"The majority of what we do every day appeals to our non-conscious brain," Martin Lindstrom told attendees earlier this week at the HSM World Business Forum.
Lindstrom, author of Buy-ology, shared insight into reaching the non-conscious brain using branding. He asked attendees, can you "smash your brand" and still have customers and prospects recognize it? That is, are there components besides the logo that are identifiers for your brand like color, sound, touch, taste, shape or traditions? He cited several examples, including the Coca-Cola bottle, designed so that if it shatters someone can pick up any one piece and still recognize it as a Coke bottle. Another example is how Corona beer is often served with a lime stuck in the top of the bottle. He also showed the Marlboro man and several elements from McDonald's, like the colors, the arches, and the French fries.The more senses you appeal to, the more your brand will be remembered, he added. Tactile is most prominent; sounds combined with vision activate the memory and the emotional part of brain. This helps to generate consumer preference, he said.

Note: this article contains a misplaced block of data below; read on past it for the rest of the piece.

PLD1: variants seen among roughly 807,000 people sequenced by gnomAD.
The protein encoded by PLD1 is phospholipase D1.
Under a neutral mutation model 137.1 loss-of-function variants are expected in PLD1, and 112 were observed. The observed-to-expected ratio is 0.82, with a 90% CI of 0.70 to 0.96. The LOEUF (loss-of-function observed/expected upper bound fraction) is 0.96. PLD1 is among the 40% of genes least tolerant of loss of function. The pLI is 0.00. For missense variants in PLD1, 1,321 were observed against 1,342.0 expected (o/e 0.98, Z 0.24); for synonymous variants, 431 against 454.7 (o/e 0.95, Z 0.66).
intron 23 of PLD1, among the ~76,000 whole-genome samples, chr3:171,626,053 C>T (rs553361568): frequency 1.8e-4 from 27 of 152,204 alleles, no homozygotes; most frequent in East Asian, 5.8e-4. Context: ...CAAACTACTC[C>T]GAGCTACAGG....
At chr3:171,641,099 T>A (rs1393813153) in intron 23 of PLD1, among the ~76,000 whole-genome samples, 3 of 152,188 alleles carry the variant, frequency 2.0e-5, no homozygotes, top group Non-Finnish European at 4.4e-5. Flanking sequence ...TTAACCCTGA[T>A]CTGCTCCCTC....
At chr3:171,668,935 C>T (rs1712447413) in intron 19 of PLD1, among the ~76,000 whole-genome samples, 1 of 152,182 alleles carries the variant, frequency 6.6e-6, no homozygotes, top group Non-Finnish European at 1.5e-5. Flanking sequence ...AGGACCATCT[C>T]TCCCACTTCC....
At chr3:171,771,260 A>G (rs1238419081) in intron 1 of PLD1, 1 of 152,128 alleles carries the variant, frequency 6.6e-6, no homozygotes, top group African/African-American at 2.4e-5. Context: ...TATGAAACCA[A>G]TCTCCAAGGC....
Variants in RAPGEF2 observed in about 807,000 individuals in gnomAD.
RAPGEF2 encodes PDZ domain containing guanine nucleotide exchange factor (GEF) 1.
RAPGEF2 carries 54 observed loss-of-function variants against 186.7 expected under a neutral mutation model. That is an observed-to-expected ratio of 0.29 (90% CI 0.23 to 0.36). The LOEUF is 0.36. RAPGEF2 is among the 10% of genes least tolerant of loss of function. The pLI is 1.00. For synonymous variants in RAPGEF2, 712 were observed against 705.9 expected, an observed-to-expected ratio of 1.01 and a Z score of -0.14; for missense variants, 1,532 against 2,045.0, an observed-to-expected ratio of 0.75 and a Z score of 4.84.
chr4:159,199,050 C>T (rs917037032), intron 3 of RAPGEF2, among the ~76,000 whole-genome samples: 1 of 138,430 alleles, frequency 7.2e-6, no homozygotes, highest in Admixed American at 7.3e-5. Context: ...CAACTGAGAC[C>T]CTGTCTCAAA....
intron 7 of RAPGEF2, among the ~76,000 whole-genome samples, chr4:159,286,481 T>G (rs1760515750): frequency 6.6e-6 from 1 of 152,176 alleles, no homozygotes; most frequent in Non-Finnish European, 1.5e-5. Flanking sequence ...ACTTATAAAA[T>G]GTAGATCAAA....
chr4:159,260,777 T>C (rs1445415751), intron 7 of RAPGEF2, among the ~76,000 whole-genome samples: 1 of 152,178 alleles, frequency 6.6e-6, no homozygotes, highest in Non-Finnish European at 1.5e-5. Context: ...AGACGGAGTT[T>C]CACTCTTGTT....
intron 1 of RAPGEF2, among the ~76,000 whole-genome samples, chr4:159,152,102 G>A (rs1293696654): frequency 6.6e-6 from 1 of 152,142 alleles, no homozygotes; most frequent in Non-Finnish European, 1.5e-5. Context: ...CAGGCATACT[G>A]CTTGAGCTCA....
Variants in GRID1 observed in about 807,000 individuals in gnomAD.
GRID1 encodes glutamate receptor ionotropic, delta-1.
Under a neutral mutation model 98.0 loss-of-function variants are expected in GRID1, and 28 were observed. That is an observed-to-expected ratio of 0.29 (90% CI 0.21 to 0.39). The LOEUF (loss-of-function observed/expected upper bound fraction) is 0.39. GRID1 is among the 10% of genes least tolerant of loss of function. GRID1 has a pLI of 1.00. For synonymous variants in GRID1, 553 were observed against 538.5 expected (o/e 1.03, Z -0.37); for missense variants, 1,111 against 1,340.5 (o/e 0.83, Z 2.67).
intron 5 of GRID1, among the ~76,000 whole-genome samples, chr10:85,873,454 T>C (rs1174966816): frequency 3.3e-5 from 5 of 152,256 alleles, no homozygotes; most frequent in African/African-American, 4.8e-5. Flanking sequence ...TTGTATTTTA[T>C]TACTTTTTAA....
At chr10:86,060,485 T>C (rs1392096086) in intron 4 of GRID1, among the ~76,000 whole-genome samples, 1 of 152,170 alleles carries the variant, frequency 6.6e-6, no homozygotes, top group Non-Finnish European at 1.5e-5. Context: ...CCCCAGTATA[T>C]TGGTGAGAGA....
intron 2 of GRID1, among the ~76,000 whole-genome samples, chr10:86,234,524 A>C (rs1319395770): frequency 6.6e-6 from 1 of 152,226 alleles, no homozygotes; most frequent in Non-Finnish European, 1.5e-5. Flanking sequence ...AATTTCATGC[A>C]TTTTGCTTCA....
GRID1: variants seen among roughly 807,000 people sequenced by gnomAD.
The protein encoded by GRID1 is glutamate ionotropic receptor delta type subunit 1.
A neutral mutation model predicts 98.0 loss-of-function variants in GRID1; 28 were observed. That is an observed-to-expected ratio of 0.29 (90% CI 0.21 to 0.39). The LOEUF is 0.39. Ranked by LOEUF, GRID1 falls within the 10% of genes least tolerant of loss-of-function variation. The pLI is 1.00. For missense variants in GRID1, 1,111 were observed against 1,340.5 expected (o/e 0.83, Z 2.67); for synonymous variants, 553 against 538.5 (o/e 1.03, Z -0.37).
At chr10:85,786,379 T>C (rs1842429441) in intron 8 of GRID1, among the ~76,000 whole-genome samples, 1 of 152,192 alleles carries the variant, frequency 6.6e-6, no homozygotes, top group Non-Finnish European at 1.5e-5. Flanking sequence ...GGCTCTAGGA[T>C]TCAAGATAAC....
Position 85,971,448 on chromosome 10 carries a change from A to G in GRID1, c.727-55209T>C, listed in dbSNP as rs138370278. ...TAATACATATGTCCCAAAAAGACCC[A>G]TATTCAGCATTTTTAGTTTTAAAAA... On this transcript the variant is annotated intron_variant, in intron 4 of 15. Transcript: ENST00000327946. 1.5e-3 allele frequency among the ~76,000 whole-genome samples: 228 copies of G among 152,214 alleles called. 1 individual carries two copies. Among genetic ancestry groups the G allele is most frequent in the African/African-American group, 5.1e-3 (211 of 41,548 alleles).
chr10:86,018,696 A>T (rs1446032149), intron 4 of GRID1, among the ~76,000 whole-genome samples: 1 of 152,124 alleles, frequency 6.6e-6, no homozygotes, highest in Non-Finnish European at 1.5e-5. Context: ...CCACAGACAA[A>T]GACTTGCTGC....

"How many smashable elements do you have?" Lindstrom asked. He said that a brand needs at least three, and noted that some big brands have about 15; some that have come about by accident, and others that were created on purpose like the Coke bottle.
The future of branding, Lindstrom said, is moving to non-conscious symbolism. He recommends smashing your brand to see if you have symbolic elements you can use. These elements, he said, help customers feel an emotional connection to a brand. Then look for what smashable elements you can add to your brand. "Everything you do should be able to survive without the logo," he said. "That's the next generation."